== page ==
"; var wpa_add_test = "no";
Albert Oosterhoff is a Professor Emeritus, Faculty of Law at Western University and has taught at the University of Windsor and Western University in the areas of Wills, Trusts, and Property Law. He taught Trusts for a number of years as an Adjunct Professor at the University of Toronto. He also held positions as Associate and Acting Dean at Western.
Professor Oosterhoff has been in private practice and has written numerous articles, comments and books in the areas of Wills, Estates, Trusts, and Property Law.
An author of many publications, including Oosterhoff on Trusts: Text, Commentary and Materials (8th edition), Oosterhoff on Wills and Succession (now in its 7th edition), he served as an Associate Editor of the Dominion Law Reports, the Canadian Criminal Cases and the Ontario Reports for many years. He has also served as Editor in Chief of the Estates, Trusts and Pension Journal.
Professor Oosterhoff is widely respected for his extensive knowledge in this practice area.
** This episode qualifies for one (1) Substantive CPD hour by the Law Society of Ontario.
The Professor’s book recommendations include:
* Delia Owens, Where the Crawdads Sing (2018), a beautifully written novel about an abused young woman who lived in the North Carolina lowlands. She was shunned and maltreated by the town folk, but overcame great adversity.
* Kim Michele Richardson, The Book Woman of Troublesome Creek, a moving story about people with blue skin and pack horse librarians in the mountains of eastern Kentucky during the 1930s and 1940s.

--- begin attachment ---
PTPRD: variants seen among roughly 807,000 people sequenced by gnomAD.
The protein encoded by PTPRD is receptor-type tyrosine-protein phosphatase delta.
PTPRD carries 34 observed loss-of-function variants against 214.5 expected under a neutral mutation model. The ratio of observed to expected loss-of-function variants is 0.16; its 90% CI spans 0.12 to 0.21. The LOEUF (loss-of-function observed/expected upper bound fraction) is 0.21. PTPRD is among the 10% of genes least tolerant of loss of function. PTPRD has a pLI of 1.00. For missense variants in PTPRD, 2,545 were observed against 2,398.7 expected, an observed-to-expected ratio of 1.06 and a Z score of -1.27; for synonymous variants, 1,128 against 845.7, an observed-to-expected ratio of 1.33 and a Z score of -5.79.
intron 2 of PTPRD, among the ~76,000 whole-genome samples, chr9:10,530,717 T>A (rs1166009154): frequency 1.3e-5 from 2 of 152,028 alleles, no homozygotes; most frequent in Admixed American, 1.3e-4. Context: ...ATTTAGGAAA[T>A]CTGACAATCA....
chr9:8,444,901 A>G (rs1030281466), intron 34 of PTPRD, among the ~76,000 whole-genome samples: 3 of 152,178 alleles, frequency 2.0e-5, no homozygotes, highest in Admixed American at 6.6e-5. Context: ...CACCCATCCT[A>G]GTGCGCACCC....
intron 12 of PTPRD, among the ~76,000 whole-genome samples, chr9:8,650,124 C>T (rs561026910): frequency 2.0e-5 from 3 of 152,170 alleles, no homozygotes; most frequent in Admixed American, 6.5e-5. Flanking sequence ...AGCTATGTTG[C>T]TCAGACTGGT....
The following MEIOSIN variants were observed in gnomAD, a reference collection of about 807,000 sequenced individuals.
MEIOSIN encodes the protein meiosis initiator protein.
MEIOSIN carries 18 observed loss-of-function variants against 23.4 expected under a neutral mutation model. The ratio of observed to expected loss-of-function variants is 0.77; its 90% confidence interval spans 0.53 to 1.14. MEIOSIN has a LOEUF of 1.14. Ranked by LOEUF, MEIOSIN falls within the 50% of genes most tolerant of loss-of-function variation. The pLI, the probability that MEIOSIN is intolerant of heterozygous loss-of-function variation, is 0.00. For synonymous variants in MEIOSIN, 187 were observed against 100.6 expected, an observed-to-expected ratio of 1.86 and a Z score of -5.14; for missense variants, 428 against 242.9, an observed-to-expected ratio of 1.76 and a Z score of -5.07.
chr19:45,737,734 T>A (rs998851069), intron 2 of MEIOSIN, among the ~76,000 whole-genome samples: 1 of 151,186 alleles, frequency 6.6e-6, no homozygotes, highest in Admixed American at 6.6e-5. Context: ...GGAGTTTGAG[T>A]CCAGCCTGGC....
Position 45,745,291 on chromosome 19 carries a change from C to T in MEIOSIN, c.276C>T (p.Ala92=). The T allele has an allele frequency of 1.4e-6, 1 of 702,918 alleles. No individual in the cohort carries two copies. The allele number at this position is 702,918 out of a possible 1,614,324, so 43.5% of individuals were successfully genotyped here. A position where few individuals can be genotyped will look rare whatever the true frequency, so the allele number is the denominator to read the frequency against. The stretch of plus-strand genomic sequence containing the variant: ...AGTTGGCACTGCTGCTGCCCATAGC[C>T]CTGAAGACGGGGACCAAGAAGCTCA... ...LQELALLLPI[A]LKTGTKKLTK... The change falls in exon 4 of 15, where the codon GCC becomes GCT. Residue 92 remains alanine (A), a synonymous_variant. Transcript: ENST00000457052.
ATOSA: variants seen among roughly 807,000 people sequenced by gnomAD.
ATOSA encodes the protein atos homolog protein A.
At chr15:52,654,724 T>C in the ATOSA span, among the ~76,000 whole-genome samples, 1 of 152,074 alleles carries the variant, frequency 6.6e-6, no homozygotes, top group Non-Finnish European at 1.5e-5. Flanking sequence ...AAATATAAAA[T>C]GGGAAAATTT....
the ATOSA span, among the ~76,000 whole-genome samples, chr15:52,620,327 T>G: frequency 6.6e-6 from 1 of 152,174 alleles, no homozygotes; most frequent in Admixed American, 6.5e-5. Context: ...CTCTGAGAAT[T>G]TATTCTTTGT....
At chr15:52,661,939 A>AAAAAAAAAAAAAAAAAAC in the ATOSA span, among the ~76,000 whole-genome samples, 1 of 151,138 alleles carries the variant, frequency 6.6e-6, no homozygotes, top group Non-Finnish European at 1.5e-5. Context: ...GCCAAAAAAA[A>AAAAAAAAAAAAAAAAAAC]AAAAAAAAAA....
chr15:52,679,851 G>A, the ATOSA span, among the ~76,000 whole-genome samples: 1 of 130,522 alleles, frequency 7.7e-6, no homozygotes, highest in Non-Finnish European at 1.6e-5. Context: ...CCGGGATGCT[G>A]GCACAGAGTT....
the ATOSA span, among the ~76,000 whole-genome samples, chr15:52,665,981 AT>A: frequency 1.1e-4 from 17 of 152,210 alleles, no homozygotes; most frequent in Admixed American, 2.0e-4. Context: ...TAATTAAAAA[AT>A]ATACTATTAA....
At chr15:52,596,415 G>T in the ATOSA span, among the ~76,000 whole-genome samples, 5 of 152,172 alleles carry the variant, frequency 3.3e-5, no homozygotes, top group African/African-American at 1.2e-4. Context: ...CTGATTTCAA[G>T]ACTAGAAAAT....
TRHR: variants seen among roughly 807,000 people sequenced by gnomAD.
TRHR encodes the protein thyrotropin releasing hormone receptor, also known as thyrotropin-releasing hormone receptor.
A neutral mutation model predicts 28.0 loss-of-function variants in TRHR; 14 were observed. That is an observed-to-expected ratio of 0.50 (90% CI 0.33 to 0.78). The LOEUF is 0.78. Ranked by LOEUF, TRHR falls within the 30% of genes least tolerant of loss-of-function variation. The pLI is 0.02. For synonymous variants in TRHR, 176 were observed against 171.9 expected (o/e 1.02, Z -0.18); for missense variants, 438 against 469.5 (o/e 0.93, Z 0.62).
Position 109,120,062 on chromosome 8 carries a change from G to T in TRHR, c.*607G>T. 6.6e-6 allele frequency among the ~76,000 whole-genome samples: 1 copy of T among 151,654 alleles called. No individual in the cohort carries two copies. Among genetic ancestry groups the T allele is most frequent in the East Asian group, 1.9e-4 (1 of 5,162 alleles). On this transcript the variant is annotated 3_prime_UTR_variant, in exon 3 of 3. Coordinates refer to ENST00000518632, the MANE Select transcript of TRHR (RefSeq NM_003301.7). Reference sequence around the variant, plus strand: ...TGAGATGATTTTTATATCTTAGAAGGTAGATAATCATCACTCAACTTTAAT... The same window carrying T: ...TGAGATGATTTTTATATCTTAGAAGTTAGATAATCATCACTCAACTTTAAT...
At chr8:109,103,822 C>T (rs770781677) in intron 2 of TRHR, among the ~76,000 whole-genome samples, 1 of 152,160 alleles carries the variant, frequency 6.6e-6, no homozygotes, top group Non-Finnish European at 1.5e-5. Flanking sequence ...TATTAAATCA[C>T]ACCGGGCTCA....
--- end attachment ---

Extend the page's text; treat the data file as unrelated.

* Ariel Lawhon, Code Name Hélène, about a real-life heroine working with the Maquisards in occupied France
* Madeline Miller, Circe. Circe was a daughter of Helios, the sun god. She was a witch and a troublemaker. The book describes her interaction with mythical people such as the Minotaur, Daedalus, Icarus, Odysseus, etc.
* Kate Quinn, The Alice Network, 2017, about female spies during WW I and II, It is a novel, but is bases on historical figures.
* Anthony Burgess – all of his books. A great stylist.
* Anthony Powell: A Dance to the Music of Time, a novel about manners in the 1930s. Also a great stylist
* JRR Tolkien
Medieval mysteries – Ellis Peters, the Brother Cadfael mysteries and also mysteries by many other authors
A few modern mysteries: Sarah Caudwell, a British Barrister who died early, wrote four delightful legal mysteries involving several young barristers practicing in Lincoln’s Inn:
*The Shortest Way to Hades
*The Sibyl in Her Grave
*The Sirens Sang of Murder
*Thus Was Adonis Murdered
* Hilary Mantel, the Wolf Hall Trilogy about Thomas Cromwell, who served as Henry VIII’s chief minister, until he too was beheaded.
* Eric Metaxas, Amazing Grace about William Wilberforce and the campaign to abolish slavery. [[cf. the hymn Amazing Grace by the former slaver, John Newton]]
* (Dietrich) Bonhoeffer, the German Lutheran theologian who was implicated in the plot to kill Hitler and was executed a few days before the end of the war.
The general information on this page is not applicable to any specific case and is intended for information purposes only. It is not a substitute for legal advice and may not be relied on as such. Readers are expressly advised to consult with a qualified lawyer for advice regarding their specific circumstances and entitlements under Ontario law.